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Comedian Patton Oswalt Bringing His Stand-Up Act To The Palace Theatre On July 25 (Exclusive)

Oswalt, who's readying material for a September Netflix comedy special, will be bringing all-new material to the venue.

Patton Oswalt
Comedian Patton Oswalt has won both an Emmy and Grammy for his comedy work. (Sam Jones)

It’s no exaggeration to say that Patton Oswalt is one of the hardest working comedians in show business. For younger audiences, Oswalt’s general hilariousness and irreverence has helped him amass 4.5 million followers on Twitter. He’s also logged a number of memorable acting gigs, including voicing lead (animated) character “Remy” in the Oscar-winning Pixar film Ratatouille and doing recent turns on multiple Emmy-winning HBO series Veep and the recent revival of cult favorite Veronica Mars. Older audiences might know him best as Spence from long-running TV sitcom The King of Queens (he appeared on 179 episodes). Additionally, Oswalt has won critical acclaim as a standup comedian (he’s garnered an Emmy and a Grammy for his comedy albums) and New York Times bestselling author (see: Zombie Spaceship Wasteland).

Thankfully, Oswalt won’t just be another tweet in our social feeds for much longer. He’ll be bringing his comedy show, Patton Oswalt Live!, to the Palace Theatre in Albany this Thursday, July 25, debuting an hour’s worth of all-new material. In fact, Oswalt’s show will mark his first-ever performance in the Capital Region.

A native of Virginia, Oswalt first tried his hand at standup during his student days as an English major at the College of William and Mary in Williamsburg, VA. “I can’t remember a specific date, [but] I figured I’d try to turn what I liked doing into a vocation,” Oswalt tells saratoga living. After earning his degree in 1991, Oswalt dedicated himself to the craft. It took several years, but he landed his first onscreen TV role in 1994 in Comedy Central’s Small Doses, a short-lived prime-time series of mini-sitcoms. That same year, Oswalt also nabbed his first cameo as a video store clerk in the classic ’90s sitcom Seinfeld. (Coincidentally, Jerry Seinfeld will also be bringing his standup show to the Palace in October.) For Oswalt, getting to meet Seinfeld was a life-changing moment. “I auditioned for the role and got it, and we’ve been friends ever since,” Oswalt says. “His craftsmanship and joke writing are pretty much unmatched—no wasted words and maximum impact.”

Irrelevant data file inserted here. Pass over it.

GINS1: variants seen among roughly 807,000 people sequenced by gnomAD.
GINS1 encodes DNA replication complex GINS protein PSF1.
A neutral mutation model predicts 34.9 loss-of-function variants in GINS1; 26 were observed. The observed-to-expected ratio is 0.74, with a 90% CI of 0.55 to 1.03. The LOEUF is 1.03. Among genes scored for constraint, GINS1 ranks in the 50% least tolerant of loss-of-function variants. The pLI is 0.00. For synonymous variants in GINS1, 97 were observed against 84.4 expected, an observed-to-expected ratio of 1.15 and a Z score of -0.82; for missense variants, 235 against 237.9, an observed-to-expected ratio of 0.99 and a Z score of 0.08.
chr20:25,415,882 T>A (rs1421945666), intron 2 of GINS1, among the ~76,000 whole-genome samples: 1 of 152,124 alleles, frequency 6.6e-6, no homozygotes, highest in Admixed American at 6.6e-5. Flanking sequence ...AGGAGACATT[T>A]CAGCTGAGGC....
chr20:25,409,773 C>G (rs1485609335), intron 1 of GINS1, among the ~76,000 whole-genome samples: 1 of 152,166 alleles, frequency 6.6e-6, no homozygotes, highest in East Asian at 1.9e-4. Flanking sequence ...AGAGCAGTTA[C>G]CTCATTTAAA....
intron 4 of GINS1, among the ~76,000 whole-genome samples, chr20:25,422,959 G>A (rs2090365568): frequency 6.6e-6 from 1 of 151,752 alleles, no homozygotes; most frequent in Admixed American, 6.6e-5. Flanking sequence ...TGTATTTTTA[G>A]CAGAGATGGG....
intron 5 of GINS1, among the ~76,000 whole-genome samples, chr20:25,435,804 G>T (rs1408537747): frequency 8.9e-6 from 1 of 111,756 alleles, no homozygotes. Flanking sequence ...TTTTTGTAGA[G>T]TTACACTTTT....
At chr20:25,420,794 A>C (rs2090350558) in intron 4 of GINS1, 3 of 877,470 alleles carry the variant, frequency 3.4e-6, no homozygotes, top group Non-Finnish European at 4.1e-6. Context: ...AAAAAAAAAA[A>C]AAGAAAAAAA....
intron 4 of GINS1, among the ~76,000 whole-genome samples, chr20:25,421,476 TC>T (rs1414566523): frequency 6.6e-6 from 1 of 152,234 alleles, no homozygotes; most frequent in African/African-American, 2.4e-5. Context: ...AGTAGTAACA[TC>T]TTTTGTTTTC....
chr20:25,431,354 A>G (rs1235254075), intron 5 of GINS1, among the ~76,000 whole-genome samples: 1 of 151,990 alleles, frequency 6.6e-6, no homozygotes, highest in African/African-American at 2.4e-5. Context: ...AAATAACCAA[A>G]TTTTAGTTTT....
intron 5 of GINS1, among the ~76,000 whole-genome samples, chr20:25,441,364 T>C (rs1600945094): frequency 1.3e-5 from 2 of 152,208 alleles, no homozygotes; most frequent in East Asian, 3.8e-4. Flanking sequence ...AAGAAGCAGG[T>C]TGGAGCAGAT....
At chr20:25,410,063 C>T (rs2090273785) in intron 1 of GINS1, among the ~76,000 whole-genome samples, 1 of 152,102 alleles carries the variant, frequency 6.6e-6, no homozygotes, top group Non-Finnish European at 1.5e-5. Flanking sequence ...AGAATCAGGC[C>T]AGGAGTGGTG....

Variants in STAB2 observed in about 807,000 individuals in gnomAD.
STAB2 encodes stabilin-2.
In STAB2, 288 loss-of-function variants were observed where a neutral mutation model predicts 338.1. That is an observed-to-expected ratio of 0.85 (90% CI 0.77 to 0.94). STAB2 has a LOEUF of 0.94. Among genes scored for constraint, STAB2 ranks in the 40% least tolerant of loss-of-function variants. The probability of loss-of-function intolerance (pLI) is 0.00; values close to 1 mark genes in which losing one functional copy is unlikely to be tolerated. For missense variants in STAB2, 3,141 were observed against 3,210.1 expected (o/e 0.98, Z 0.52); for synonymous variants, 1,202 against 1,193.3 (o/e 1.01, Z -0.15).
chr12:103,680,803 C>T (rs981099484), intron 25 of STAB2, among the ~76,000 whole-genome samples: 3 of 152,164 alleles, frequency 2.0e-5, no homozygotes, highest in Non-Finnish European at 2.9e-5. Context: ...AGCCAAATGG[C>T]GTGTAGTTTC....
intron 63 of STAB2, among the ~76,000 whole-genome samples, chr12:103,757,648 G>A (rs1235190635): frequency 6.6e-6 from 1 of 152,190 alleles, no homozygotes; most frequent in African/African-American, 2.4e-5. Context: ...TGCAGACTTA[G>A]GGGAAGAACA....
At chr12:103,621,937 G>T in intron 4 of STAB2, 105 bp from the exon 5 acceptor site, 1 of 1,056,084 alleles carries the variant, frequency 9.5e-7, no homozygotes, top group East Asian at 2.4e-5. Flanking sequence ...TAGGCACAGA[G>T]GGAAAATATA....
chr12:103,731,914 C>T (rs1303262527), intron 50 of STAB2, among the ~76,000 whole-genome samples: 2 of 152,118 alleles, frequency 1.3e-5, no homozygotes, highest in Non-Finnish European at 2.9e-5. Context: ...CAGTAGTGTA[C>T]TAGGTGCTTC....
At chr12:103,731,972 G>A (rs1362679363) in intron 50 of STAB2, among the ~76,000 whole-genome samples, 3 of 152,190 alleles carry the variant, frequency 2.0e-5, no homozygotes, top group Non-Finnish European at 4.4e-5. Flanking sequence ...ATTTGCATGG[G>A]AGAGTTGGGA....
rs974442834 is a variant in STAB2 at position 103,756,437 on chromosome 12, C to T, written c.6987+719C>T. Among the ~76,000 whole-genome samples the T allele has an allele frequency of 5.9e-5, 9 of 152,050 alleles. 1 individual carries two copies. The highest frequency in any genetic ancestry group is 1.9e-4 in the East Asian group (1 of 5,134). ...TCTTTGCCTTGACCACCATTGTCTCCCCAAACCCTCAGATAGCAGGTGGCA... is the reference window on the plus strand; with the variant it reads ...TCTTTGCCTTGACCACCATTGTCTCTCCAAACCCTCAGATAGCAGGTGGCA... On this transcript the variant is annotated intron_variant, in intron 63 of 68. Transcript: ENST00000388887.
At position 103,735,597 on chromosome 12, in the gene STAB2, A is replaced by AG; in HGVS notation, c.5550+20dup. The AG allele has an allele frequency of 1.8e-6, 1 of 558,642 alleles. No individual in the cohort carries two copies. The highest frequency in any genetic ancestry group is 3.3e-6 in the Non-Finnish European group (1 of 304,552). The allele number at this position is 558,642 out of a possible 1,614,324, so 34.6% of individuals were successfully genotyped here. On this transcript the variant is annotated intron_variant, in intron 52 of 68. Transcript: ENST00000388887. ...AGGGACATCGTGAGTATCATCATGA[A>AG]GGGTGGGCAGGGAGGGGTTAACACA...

It wouldn’t be until 1997 that Oswalt had his major breakout, appearing in his first big standup special, HBO’s Comedy Half-Hour. Since then, Oswalt has steadily built his résumé, becoming one of the most well-respected comedians of his generation.

However, all of the high points in Oswalt’s decades-long career couldn’t prepare him for the lowest of lows. In 2016, one day before the release of his Grammy-winning comedy album Talking for Clapping, tragedy struck. Oswalt’s wife of more than ten years, Michelle McNamara, a journalist and true crime author, passed away suddenly, leaving the comedian to care for the couple’s young daughter Alice. Though devastated, Oswalt remained surprisingly open about his grief and sense of loss both in interviews and on his Twitter feed, where he frequently posted touching remembrances and thoughts about his late wife. The following year, the comic released the critically acclaimed Netflix standup special Annihilation, in which he frankly discussed the loss of McNamara, battling his own depression and finding meaning in life again. “It was definitely cathartic doing that special,” says Oswalt. “I’ve always talked about what’s been going on with me, both personally and in a wider historical context, so it wasn’t really a ‘choice’ [to talk about it].”

The last few years have been a whirlwind for Oswalt. In addition to being nominated for two more Emmys and another Grammy, he remarried, wedding actress Meredith Salenger in 2017. Though not necessarily taking a break from show business, Oswalt is moving at a slightly more relaxed pace of late. “Right now, I’m focused just on a new Netflix special [that’s] shooting in September,” he says. That’s in addition to a new animated series on Hulu he’ll be writing for and producing called M.O.D.O.K. (short for Mechanized Organism Designed Only for Killing), produced in partnership with Marvel.

There are still tickets available for Thursday’s performance at the Palace. You can pick them up here.

Jeff Dingler
Jeff Dingler

Jeff Dingler is saratoga living's Senior Writer. He's a graduate of Skidmore College and a professional musician.

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